Despite reports of a drop in employee engagement levels, a majority of companies still do not have a solid employee engagement policy in place.
According to a report from WeSpire, only 27% of firms have an official employee engagement policy.
This was despite the fact that 76% of employees under the age of 30 want to see their employer do more around employee engagement.
Polling 400 respondents in total, the report highlighted a possible reason for this uncertainty around staff engagement policies was an inherent inconsistency when it came to taking ownership of engagement initiatives.
Survey respondents cited three different functions that were in charge of employee engagement: human resources (31%), employees (28%) and management (25%).
“Employee engagement and corporate culture have become top-level business priorities for senior management, as there is no arguing that an engaged workforce is a higher performing one. But the disconnect between intent and execution is widespread,” said Susan Hunt Stevens, founder and CEO at WeSpire.
“Many organisations don’t know how to tackle the problem of engagement, and are often unaware of how technology and internal advocates can champion the effort."
The survey stressed that more should be done with regards to employee engagement in companies especially because 59% of employees wanted their employers to change their stance on employee engagement.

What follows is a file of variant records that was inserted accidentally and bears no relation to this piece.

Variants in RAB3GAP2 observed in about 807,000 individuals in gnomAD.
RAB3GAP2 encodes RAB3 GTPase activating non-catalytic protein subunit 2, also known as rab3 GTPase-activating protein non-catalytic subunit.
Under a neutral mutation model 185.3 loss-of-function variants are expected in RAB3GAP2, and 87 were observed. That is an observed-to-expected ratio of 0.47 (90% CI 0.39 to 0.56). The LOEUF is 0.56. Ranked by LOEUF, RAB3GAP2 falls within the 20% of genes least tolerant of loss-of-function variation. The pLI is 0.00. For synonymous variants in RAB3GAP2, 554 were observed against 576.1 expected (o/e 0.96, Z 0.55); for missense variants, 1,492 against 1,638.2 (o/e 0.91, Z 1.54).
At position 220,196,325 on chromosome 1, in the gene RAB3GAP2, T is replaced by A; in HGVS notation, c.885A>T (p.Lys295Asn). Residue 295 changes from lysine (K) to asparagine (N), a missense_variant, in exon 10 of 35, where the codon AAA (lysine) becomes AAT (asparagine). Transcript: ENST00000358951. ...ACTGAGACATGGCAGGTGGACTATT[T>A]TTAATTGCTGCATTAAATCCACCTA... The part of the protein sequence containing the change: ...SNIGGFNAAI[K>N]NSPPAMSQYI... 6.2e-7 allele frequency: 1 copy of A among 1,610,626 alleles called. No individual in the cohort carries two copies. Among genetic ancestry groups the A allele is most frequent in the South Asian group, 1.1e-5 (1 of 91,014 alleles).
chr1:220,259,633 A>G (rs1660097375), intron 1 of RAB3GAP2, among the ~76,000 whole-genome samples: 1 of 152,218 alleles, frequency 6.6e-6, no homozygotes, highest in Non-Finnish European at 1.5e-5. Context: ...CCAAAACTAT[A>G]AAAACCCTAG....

Of those, more than half (57%) of those wanted to see more done.
The survey also revealed three key trends for more successful employee engagement initiatives.
Managers were highlighted, firstly, to be a critical part of employee engagement, with 89% of "very engaged" employees saying that their managers care about them.
However, only 28% of "not all engaged" employees responded the same way.
Transparency between management and employees was found to be the second factor contributing to a more engaged workforce.
"Specifically, in organisations with official employee engagement policies, 55% of workers are engaged, while only 40% of employees are engaged at organizations without official policies," the report stated.
The study added that workers who have a choice in the types of programs they can positively impact or have the ability to collaborate on company outreach activities are more likely to be engaged.
In addition, peer collaboration was found to be increasingly more important, with 62% of respondents being interested in learning more about the sustainability efforts of their co-workers.